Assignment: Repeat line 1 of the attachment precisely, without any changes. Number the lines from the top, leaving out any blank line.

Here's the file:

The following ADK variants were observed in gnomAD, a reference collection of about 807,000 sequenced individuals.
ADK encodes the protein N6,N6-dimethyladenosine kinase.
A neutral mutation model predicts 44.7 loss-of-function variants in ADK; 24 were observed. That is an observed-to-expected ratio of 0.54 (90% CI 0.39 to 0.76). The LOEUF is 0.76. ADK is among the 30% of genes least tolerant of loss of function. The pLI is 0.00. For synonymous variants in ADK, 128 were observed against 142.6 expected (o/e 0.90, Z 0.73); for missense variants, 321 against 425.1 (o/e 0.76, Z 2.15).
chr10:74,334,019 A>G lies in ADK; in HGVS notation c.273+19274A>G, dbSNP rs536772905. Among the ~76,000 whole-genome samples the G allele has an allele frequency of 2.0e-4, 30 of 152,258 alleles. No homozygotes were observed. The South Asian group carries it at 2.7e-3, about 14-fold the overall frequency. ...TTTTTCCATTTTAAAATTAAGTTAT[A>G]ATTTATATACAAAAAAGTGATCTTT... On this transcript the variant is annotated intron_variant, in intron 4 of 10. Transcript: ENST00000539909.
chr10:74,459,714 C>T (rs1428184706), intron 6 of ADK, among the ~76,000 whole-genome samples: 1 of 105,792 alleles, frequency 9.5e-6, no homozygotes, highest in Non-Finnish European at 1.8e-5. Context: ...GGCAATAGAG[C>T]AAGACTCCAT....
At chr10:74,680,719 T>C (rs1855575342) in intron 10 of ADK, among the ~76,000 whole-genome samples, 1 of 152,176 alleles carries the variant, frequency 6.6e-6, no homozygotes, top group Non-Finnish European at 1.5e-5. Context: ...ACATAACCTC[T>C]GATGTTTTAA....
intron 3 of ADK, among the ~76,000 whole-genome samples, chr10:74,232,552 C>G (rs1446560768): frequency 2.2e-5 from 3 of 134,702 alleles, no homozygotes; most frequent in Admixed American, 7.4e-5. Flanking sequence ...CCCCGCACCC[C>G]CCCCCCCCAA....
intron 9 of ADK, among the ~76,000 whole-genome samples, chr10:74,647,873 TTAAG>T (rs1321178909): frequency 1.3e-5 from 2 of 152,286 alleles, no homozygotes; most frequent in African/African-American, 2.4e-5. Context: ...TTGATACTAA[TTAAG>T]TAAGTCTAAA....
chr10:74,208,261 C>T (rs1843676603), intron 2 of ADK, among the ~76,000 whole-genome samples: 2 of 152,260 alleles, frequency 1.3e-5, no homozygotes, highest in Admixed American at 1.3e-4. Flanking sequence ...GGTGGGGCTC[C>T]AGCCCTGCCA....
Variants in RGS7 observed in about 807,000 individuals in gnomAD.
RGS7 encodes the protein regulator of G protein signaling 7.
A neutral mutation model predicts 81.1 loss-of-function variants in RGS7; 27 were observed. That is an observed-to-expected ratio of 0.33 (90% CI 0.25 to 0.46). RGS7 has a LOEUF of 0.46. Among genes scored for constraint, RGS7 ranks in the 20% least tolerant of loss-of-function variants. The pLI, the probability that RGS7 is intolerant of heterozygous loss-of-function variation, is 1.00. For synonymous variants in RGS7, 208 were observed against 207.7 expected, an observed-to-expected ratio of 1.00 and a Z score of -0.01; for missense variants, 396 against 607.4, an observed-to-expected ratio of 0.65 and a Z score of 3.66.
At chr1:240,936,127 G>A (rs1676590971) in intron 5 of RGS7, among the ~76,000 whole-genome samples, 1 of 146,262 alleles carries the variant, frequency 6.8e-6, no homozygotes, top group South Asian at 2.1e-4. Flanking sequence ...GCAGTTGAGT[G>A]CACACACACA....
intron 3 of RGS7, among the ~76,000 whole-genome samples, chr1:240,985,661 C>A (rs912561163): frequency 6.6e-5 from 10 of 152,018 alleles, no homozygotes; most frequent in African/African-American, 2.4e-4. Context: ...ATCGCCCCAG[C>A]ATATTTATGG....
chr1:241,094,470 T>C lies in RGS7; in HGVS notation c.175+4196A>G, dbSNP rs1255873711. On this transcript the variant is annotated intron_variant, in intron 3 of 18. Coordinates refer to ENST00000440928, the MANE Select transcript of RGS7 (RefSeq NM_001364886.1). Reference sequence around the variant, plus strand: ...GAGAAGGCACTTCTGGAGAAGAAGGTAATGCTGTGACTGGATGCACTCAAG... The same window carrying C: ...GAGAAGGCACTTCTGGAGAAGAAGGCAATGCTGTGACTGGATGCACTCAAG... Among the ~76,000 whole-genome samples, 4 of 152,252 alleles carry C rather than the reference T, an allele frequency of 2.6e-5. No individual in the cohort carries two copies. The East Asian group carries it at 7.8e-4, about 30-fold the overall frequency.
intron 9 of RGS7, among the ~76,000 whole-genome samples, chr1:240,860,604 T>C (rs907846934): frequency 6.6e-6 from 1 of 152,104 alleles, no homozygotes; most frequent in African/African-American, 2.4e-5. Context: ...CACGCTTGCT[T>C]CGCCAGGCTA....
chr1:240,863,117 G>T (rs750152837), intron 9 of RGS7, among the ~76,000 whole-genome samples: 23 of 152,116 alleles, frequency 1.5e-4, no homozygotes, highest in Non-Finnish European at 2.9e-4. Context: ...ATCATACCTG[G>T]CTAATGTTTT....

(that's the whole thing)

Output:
The following ADK variants were observed in gnomAD, a reference collection of about 807,000 sequenced individuals.